Fashion companies that have an ongoing dialogue with their suppliers will be better equipped to deliver a successful and timely rollout. A good relationship between the brand and its suppliers should surface suppliers’ concerns and provide a platform for resolving any blockers. Over time, these resolutions can inform a standard approach for managing common supplier concerns, helping to manage these at scale.

To get started, businesses should assess whether their internal resource can commit enough time to supplier engagement to handle the change management required. This will help define timelines and determine how much external support is required. Support can include a dedicated technical team, a partner to conduct the supplier dialogue, or the development of an onboarding process that suppliers can replicate with their own suppliers. A proof of concept is a valuable first step for validating a chosen approach, it includes understanding the barriers to implementation, measuring the effort required to onboard suppliers, and establishing the deployment timelines.

Industry-wide collaboration

It is often easier for businesses to take an isolated approach when managing challenges like traceability. More collaboration requires wider engagement and, perhaps dauntingly, acknowledging and disclosing the problem to an external audience. Yet initiatives like WRAP’s Sustainable Clothing Action Plan (2012-20) – which achieved a carbon and water footprint reduction greater than its targeted 15% across participating organisations (representing nearly half of UK clothing sales by volume) and made some progress reducing textile waste – demonstrate the power of collaboration in supporting and delivering positive change.3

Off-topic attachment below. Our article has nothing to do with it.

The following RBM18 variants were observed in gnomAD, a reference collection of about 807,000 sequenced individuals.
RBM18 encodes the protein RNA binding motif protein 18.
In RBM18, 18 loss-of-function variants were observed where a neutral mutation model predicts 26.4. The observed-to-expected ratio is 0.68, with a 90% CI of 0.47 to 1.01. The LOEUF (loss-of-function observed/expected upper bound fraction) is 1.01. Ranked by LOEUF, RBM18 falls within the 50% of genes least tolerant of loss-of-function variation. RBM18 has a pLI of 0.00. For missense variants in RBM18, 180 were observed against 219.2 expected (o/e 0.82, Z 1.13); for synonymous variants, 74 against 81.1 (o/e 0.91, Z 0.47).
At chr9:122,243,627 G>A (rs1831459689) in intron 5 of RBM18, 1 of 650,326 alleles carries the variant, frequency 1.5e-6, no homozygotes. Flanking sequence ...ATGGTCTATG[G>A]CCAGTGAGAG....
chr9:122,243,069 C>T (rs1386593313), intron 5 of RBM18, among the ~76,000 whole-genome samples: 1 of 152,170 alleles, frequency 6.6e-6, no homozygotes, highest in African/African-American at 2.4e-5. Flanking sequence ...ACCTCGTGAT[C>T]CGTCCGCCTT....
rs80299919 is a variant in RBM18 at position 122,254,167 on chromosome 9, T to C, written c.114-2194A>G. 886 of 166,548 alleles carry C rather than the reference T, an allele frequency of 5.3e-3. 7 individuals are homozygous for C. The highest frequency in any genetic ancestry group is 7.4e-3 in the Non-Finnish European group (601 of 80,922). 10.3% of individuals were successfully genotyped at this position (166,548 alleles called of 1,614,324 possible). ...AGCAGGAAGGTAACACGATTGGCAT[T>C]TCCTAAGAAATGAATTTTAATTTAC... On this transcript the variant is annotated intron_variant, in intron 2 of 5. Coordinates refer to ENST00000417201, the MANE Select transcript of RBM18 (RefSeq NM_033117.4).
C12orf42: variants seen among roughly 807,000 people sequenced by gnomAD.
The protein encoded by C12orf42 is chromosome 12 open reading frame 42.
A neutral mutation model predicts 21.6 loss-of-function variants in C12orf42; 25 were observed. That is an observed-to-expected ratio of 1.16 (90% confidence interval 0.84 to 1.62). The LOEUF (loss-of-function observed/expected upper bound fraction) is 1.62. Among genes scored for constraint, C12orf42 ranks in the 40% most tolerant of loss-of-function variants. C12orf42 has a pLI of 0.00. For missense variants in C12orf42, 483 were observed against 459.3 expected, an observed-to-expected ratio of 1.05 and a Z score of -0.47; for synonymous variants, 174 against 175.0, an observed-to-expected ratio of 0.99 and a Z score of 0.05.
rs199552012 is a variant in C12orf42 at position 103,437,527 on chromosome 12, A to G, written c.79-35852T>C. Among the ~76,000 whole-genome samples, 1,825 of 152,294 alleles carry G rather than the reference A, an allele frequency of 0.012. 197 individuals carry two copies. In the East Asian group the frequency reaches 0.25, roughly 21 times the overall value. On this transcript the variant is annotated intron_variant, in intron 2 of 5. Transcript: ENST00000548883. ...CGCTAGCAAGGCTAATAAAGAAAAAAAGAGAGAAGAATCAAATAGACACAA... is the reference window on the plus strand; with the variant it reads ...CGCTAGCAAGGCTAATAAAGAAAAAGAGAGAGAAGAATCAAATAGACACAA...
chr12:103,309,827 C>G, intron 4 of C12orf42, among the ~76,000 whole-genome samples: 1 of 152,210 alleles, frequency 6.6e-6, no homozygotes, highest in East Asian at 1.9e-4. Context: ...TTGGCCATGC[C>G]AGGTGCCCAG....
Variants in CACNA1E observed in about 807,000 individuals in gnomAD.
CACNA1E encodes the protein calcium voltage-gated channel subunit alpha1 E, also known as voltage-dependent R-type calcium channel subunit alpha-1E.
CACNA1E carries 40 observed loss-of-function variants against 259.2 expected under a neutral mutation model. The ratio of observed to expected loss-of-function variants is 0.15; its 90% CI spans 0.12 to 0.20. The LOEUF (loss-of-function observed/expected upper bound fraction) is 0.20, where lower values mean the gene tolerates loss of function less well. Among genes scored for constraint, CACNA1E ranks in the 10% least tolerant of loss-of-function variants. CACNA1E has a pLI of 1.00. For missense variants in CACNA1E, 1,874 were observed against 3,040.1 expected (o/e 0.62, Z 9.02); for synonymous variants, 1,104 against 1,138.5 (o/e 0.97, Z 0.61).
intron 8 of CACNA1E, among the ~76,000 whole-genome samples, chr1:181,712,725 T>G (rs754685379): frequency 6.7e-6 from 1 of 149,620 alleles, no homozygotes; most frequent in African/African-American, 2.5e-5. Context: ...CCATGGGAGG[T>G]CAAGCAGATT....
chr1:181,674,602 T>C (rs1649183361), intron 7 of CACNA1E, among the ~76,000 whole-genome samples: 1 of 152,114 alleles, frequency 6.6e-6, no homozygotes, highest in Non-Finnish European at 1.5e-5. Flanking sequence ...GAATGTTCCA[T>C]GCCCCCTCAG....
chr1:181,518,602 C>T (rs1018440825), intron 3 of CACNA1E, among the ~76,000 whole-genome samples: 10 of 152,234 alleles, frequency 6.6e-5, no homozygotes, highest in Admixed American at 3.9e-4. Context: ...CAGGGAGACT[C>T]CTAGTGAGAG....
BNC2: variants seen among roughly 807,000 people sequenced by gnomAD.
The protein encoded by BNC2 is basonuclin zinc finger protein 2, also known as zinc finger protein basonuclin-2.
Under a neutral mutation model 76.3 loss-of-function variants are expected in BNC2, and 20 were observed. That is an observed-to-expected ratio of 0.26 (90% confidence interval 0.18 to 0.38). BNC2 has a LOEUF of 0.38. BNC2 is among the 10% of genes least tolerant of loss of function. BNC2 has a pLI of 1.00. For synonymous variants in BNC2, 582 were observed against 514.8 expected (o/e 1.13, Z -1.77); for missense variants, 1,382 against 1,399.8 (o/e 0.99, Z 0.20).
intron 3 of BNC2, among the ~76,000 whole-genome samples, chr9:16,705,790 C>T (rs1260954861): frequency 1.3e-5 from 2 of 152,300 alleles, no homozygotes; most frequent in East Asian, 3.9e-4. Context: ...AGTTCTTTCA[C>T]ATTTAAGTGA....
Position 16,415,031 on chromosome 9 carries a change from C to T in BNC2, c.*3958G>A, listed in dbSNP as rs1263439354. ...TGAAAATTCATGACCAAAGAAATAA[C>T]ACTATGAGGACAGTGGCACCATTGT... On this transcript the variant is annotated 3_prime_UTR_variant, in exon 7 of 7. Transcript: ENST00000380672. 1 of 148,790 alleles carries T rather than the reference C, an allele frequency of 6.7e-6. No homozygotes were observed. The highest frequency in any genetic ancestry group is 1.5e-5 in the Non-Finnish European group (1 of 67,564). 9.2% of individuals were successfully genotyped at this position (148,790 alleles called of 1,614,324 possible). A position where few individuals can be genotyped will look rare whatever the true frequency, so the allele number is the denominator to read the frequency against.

Sharing experiences of using different tools, can help identify the most fit-for-purpose solutions for the fashion industry’s specific complexities. These include capturing diverse product and material attributes, managing the changing and potentially short-term business relationships due to supply gaps during the process of designing and launching new collections. Broad adoption of the same solution also offers synergies in terms of data collection, as shared suppliers only need to be onboarded onto a shared platform once.

Therefore, part of any traceability initiative should be to identify or establish the right forums to engage with the wider ecosystem, enabling the benefits of collaboration.

Traceability cannot remain optional and will be fundamental to achieving greater supply chain resilience and efficiency.

Traceability may be difficult to achieve, but there are clear benefits to understanding and managing risks within the fashion supply chain. Businesses that make this a priority now and actively collaborate with their suppliers and the wider industry to tackle the challenge will be best prepared to reassure stakeholders, meet potential reporting requirements of the future, and remain resilient against supply chain risks.

To learn more about selecting the right traceability solution and approach, and to get in touch with Deloitte UK’s Supply Chain & Network Operations Traceability team, please reach out to Clarissa Bladen.

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2 “According to Deloitte’s research, 35% of UK consumers are more likely to trust a business that has a transparent, accountable and socially and environmentally responsible supply chain.” See more: &